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State Senate candidates hold mass incarceration debate at UNG
1004INCARCERATION
The University of North Georgia's Gainesville campus hosted a debate on mass incarceration between state Sen. Michael Williams, the Republican incumbent for District 27, and Daniel Blackman, a Democrat who is on the ballot for the same seat. - photo by Kristen Oliver

State Sen. Michael Williams, the Republican incumbent for District 27, and Daniel Blackman, a Democrat who is on the ballot for the same seat, debated their opinions and solutions to mass incarceration Monday at University of North Georgia’s Gainesville campus.

Students for Sensible Drug Policy hosted the debate.

“The other day, at my office in downtown Cumming, I had the chance to engage a young man who unfortunately went to prison because of a heroin addiction he had,” Blackman said. “Heroin destroyed his life. And as a result, 14 of his friends have died of heroin over a three or four year period.”

Blackman continued, saying having a felony on a permanent record makes it harder for an individual to get a job.

“I want to be very clear: I believe if a person breaks the law, they’re accountable for it,” he said. “But I also believe if a person has a drug addiction or a habit, we should do everything we can to make sure they get the treatment and rehabilitation they need.”

Williams said he also believes the solution lies with rehabilitation, not incarceration.

“About half of the inmates in Forsyth County are suffering from addiction or some type of mental illness,” he said. “Forsyth County is also part of the Atlanta heroin triangle, meaning we’ve seen an increase in heroin deaths of about 3,800 percent. About 40 times as many people are dying of heroin deaths as they did six years ago.”

Williams said the history of mass incarceration lies with seeking to punish suppliers or “dealers.” But he said he believes the solution is in decreasing demand for drugs, not focusing only on decreasing the suppliers.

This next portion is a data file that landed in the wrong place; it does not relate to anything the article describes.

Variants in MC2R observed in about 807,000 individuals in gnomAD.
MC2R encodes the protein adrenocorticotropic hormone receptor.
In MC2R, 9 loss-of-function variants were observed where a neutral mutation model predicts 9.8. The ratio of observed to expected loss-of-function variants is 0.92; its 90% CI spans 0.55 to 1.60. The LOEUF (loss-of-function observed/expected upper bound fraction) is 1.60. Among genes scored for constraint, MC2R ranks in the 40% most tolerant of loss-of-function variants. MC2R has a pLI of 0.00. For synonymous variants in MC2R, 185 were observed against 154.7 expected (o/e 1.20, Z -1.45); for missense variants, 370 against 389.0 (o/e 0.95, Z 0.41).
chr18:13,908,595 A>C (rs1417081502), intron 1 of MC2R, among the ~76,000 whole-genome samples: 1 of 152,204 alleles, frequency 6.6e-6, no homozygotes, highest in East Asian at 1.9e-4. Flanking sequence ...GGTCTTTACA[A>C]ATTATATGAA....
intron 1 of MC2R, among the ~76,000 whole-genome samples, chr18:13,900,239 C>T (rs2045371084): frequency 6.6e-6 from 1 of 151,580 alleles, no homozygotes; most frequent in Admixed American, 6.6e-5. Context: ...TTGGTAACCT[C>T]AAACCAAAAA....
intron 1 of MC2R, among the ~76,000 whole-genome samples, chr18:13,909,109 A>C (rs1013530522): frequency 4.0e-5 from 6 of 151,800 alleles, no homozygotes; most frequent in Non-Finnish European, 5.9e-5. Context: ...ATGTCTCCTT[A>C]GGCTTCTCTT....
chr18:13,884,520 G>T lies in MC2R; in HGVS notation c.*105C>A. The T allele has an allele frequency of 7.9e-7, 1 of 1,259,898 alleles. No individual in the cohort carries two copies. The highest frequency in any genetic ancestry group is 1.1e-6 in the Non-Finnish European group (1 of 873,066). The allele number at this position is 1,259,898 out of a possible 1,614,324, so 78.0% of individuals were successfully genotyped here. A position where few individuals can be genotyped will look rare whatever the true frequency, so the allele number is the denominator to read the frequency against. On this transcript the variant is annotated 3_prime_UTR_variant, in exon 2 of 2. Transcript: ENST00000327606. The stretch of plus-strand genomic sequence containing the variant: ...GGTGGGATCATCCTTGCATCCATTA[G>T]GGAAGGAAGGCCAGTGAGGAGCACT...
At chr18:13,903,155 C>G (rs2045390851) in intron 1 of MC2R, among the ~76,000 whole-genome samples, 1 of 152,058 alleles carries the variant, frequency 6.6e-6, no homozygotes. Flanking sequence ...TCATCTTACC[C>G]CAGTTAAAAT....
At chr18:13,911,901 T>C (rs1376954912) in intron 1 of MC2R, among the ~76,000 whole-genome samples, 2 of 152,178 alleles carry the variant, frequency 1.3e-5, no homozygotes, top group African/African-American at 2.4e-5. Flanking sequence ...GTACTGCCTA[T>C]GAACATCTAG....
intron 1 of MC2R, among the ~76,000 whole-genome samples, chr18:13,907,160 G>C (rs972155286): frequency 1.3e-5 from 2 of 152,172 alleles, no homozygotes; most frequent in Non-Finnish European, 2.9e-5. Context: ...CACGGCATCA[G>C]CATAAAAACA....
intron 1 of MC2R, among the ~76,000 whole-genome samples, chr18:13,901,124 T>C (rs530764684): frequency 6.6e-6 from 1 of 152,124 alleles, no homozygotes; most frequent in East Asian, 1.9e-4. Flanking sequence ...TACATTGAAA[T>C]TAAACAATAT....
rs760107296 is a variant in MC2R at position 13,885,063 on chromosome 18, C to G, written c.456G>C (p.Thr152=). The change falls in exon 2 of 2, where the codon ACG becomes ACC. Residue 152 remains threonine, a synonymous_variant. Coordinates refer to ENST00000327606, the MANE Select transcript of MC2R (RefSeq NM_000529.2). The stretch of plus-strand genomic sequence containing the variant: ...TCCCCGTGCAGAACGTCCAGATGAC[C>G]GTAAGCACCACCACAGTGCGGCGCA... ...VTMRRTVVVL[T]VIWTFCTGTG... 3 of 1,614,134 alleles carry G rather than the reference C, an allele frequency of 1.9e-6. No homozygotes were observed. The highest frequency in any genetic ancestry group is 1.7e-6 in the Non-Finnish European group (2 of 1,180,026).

Both candidates said they are parents of Forsyth County children, and they believe the solution begins with education at a young age. Their opinions differed mostly when it comes to private prisons.

While Williams said he does not believe any private organization should make a profit off the enforcement of the law, he is not entirely opposed to private prisons.

“I’m not as against private prisons as Mr. Blackman is, as long as there are safeguards in place to make sure the people living in these prisons incarcerated are being treated fairly,” Williams said.

But Blackman said “private prisons have cost far too much.”

“What we need in this country is education, not incarceration,” he said. “The reality is private prisons have not only got into it for the wrong reasons, but they’ve profited off destroying people’s lives.”

Several student organizations, including the Black Student Union, the Politically Incorrect Club and Students for a Progressive Society were on hand for the event with booths providing information about their clubs and programs.

Hunter Knight, president of Students for Sensible Drug Policy, said the debate was one of several things the student organization does to encourage education and change.

“We’re a grassroots organization all around the world,” Knight said. “We’re basically a club that tries to promote harm-reduction policy reform, trying to make the world more safe.”

Williams is U.S. presidential candidate Donald Trump’s Georgia co-chair, while Blackman was the Georgia political director for presidential candidate Bernie Sanders.

Tom Preston, the university’s director of debate, moderated the discussion.

Preston commended the audience and the candidates for their civil participation in the debate.

“Regardless of who you support, this is refreshing to see in today’s climate,” he said.

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